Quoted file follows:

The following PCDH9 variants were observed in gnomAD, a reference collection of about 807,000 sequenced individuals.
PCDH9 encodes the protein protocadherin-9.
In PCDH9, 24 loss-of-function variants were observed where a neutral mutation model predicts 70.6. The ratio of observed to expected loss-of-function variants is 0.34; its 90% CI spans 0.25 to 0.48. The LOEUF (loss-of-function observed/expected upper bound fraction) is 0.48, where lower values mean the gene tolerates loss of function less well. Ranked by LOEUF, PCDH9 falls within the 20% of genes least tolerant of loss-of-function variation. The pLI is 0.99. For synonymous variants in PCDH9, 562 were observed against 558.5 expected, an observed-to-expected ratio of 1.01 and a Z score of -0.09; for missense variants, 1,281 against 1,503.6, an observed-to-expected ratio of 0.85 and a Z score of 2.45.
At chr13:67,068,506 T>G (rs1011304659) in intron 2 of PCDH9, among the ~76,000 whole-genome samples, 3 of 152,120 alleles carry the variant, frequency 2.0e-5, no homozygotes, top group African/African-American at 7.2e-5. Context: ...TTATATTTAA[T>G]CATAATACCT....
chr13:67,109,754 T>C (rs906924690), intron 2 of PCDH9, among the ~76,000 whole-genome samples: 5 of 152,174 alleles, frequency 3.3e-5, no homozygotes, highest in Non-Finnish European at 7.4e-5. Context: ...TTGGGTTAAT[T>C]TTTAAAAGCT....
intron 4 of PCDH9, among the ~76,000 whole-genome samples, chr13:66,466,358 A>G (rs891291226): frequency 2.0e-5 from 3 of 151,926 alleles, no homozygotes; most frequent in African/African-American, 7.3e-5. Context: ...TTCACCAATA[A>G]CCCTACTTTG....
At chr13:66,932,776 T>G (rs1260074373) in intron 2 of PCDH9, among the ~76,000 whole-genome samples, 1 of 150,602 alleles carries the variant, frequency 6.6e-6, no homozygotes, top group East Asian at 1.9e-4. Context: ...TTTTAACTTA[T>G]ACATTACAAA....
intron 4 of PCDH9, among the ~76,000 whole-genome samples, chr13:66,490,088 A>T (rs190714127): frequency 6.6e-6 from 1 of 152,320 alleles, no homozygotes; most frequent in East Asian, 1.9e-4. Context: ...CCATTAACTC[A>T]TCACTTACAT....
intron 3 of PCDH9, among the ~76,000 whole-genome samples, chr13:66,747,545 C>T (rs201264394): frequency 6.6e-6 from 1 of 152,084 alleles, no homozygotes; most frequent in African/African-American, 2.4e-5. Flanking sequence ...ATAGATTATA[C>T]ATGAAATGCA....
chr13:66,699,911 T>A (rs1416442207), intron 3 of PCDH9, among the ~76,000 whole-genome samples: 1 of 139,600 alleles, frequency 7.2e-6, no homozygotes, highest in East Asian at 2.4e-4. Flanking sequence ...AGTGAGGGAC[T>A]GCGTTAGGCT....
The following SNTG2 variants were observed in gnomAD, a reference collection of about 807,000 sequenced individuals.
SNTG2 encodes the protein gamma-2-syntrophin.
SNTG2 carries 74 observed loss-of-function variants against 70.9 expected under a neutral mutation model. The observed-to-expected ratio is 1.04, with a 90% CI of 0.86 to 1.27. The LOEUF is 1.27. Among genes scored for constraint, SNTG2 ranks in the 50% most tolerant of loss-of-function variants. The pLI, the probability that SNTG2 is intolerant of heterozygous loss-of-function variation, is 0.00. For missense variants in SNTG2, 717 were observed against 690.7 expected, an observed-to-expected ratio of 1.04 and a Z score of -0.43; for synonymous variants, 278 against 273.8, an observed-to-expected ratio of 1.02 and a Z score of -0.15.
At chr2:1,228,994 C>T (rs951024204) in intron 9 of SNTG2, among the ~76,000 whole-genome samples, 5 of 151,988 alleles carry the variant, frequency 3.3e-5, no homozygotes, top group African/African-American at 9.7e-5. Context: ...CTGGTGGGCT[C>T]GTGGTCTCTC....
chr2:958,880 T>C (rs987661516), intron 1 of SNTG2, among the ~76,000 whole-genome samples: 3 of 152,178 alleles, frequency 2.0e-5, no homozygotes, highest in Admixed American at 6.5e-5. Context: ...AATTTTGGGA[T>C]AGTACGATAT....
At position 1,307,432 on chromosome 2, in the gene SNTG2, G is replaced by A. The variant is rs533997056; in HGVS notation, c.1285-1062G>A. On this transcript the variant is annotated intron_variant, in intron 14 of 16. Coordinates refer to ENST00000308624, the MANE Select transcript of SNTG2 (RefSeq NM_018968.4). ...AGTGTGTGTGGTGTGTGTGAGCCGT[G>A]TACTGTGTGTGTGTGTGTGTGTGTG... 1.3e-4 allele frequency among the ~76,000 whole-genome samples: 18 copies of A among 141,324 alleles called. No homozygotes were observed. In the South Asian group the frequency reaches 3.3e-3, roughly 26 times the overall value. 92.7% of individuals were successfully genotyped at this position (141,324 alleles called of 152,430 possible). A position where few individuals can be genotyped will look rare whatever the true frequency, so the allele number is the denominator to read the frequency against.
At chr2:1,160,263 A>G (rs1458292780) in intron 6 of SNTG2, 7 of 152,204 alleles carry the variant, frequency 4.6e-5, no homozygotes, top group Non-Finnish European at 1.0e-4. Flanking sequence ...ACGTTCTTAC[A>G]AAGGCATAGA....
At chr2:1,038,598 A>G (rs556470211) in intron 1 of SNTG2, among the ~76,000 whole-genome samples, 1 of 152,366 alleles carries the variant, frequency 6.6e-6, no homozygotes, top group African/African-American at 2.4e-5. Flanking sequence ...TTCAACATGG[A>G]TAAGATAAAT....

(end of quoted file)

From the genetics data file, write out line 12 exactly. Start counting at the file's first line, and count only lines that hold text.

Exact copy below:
SNTG2 encodes the protein gamma-2-syntrophin.